The story of Caledonian Market: ‘It was the greatest in the world’
- Credit: Archant
It’s hard to imagine now, but the Cally used to have one of the world’s most famous markets. One day you could buy a coffin, the next you’d see a rampaging bull on the loose. The Gazette trawls the archives and tells the story of the market from 1852 to 1964.
“A man who looked like a kind of obscene bird – for he had an enormous beak of a nose and a round glaring eye – was saying: ‘Perfect, perfect!’ For a minute I could not understand what he was talking about, but then I saw he was referring to the uglisest wash hand stand I have ever seen.”
Caledonian Market, ladies and gents.
This was J. B. Priestley’s slightly scathing assessment of the huge market, at the site of where Caledonian Park and the Market Estate is today.
It’s hard to imagine an Islington market more famous than Chapel Market. But that’s exactly what Cally Market was, up until its closure in 1939. In fact, it was one of the most famous markets in the world.
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Its origins go back to 1852. According to Marjorie Edwards in the Illustrated Islington History Journal, the City of London Corporation needed the site to replace its live cattle market at Smithfield.
It bought the 75-acre grounds for £400,000 – the equivalent of about £53million today – and so the Metropolitan Cattle Market opened in 1855.
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There was room to accommodate 7,000 cattle, 35,000 sheep, 1,500 calves and 900 pigs. Towering over it all in the middle was the Cally clocktower, which survives to this day.
At first, Marjorie wrote, the cattle market was just that – a place to trade livestock. But it diversified, and later became known as Caledonian Market.
She said it was the “greatest market in the world”, and wrote: “It wasn’t long before the Cockney costermongers who had traded beside the old Smithfield came along to the new market as well.
“Every Friday, people could be seen scrambling along from all directions with their barrows, prams, horses and carts full of goods, all eager to be first in the queue when the gates opened at 10am. Then it was bedlam as everyone made a mad dash to find the best pitch.
“It was said you could buy everything at the Caledonian Market, from a suit of armour to a coffin. There were fresh food stalls, fruit, flowers, clothes, tools, books, soaps, furniture. You name it, it was there.”
Market days would not be without their dramas, either. On one morning in January 1912, a bull being herded from the York Road rail depot suddenly broke away and plunged into the York Dwellings estate in Market Road.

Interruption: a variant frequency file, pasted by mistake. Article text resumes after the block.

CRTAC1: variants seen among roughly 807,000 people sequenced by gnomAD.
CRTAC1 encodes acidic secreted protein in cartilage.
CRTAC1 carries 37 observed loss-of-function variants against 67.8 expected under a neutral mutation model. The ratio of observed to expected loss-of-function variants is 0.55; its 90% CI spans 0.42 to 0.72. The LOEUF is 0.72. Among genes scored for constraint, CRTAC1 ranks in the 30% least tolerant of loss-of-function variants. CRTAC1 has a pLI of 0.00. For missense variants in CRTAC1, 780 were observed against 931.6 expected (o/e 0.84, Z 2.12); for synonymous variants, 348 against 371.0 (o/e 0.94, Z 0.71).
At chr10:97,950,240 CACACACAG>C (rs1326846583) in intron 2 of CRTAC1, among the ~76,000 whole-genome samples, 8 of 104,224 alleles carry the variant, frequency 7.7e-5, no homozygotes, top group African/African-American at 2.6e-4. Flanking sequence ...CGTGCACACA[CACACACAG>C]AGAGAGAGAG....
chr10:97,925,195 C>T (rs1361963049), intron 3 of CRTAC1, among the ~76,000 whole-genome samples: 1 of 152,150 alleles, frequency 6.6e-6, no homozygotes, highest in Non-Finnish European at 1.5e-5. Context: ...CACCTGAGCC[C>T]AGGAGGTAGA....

According to a newspaper report, the three-quarter-tonne monster climbed five staircases to the top of the block. Hapless cops made fruitless efforts to lassoo the bull as it “rushed madly” from side toside.
A police inspector decided to join the bull on the roof and slaughter it. But when his first shot had no effect – owing to the animal’s thick hide – it charged him. Luckily for the officer, he managed to aim a second shot at the bull’s head.
Even more brutally, the carcass was pushed off the roof, falling 50ft and breaking two paving stones in half.
Cally Market had to close at the outbreak of the Second World War – and it never reopened.
Instead, it stood derelict for 25 years as the land became subject of a huge legal wrangle between the City, London County Council and Islington Council.
Despite the previous popularity of the market – thousands would fill the site – there was no desire to re-open it.
Instead, Islington Council saw it as a huge opportunity to build social housing and open space, much like the Holloway Prison campaign today.
But, weirdly, the City wanted to use the land as a storage area for empty containers and fruit and veg.
There was uproar. East Islington MP Eric Fletcher thundered in 1962: “It is monstrous that the wellbeing of inhabitants of the borough of Islington should be sacrificed.”
A deal was finally agreed in 1964, leading to the construction of the 271-home Market Estate in 1967.
Fifty-one years on, the Holloway Prison campaigners will be hoping for a similar outcome.